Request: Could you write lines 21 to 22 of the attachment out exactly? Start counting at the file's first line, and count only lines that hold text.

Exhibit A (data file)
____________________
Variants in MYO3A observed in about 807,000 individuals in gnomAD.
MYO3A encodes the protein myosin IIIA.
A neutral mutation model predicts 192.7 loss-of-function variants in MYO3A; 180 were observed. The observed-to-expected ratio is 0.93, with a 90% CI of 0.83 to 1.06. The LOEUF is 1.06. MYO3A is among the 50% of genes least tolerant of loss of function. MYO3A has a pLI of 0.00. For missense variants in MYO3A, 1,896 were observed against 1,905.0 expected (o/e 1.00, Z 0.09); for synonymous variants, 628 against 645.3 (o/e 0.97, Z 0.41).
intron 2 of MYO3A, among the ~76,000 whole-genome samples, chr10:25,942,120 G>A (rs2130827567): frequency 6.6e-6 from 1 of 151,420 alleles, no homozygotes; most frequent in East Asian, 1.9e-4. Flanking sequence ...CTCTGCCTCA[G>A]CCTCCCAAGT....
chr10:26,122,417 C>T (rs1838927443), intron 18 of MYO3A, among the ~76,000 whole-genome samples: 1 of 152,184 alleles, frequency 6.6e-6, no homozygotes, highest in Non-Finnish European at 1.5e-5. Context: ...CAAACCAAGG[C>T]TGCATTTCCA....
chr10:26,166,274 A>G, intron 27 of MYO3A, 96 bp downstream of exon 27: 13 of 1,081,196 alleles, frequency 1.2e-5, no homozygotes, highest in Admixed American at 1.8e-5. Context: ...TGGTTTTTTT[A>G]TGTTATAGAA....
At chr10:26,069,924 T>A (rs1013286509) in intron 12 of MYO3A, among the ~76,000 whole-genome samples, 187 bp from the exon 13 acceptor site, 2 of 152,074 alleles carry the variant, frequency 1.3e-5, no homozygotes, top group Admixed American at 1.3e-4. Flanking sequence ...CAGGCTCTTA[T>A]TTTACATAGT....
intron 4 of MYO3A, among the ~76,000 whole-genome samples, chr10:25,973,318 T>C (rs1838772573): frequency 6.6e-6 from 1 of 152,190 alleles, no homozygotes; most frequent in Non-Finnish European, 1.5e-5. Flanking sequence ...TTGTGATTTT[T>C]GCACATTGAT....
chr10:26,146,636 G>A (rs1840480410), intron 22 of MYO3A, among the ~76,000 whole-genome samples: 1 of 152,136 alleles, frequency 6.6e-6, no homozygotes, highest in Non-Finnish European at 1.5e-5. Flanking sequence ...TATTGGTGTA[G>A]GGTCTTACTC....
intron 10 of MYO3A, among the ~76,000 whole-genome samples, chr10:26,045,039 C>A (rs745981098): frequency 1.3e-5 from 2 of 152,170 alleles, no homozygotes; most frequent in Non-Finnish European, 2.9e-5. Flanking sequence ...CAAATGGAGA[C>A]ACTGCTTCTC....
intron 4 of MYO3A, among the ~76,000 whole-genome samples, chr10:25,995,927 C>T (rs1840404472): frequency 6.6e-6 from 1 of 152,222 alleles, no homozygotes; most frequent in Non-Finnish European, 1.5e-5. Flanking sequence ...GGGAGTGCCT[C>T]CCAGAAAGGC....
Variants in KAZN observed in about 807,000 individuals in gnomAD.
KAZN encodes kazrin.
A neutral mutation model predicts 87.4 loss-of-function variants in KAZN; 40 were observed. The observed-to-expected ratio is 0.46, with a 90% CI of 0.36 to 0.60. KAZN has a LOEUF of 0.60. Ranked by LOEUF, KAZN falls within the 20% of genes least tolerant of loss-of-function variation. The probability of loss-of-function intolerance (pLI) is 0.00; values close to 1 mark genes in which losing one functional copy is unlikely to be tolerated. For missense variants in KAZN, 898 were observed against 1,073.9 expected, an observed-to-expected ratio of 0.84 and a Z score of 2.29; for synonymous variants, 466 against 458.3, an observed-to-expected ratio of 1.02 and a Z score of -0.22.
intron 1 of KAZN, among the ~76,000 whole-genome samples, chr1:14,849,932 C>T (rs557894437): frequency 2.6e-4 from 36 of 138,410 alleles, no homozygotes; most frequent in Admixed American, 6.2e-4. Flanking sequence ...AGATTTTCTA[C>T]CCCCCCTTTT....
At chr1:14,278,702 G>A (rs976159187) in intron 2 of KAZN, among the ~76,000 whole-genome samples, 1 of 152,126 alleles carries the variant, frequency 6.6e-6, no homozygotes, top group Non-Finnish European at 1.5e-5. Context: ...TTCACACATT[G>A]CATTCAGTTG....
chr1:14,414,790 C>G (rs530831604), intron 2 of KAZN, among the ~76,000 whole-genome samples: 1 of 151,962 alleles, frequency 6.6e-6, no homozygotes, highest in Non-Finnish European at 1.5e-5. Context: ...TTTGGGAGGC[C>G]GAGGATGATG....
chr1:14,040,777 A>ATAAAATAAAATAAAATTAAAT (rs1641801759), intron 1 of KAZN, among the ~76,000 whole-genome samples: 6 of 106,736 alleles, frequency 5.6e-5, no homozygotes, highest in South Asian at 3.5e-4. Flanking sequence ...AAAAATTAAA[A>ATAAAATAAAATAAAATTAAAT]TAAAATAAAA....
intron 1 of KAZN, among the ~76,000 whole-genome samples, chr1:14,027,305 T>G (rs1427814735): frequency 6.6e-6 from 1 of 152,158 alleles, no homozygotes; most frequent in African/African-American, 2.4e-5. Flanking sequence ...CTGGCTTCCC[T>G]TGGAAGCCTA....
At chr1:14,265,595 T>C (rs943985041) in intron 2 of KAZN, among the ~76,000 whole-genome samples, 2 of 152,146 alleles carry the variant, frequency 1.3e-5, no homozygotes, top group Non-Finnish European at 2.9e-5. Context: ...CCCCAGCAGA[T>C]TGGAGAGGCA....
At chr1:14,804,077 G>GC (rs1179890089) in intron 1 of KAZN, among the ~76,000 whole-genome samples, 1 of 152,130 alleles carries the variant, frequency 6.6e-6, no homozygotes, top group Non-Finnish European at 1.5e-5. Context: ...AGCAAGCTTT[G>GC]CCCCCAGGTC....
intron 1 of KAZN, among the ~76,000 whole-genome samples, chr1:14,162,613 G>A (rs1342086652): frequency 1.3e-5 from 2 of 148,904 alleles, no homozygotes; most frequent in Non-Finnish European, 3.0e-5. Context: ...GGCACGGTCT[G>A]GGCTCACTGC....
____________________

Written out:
At chr1:14,804,077 G>GC (rs1179890089) in intron 1 of KAZN, among the ~76,000 whole-genome samples, 1 of 152,130 alleles carries the variant, frequency 6.6e-6, no homozygotes, top group Non-Finnish European at 1.5e-5. Context: ...AGCAAGCTTT[G>GC]CCCCCAGGTC....
intron 1 of KAZN, among the ~76,000 whole-genome samples, chr1:14,162,613 G>A (rs1342086652): frequency 1.3e-5 from 2 of 148,904 alleles, no homozygotes; most frequent in Non-Finnish European, 3.0e-5. Context: ...GGCACGGTCT[G>A]GGCTCACTGC....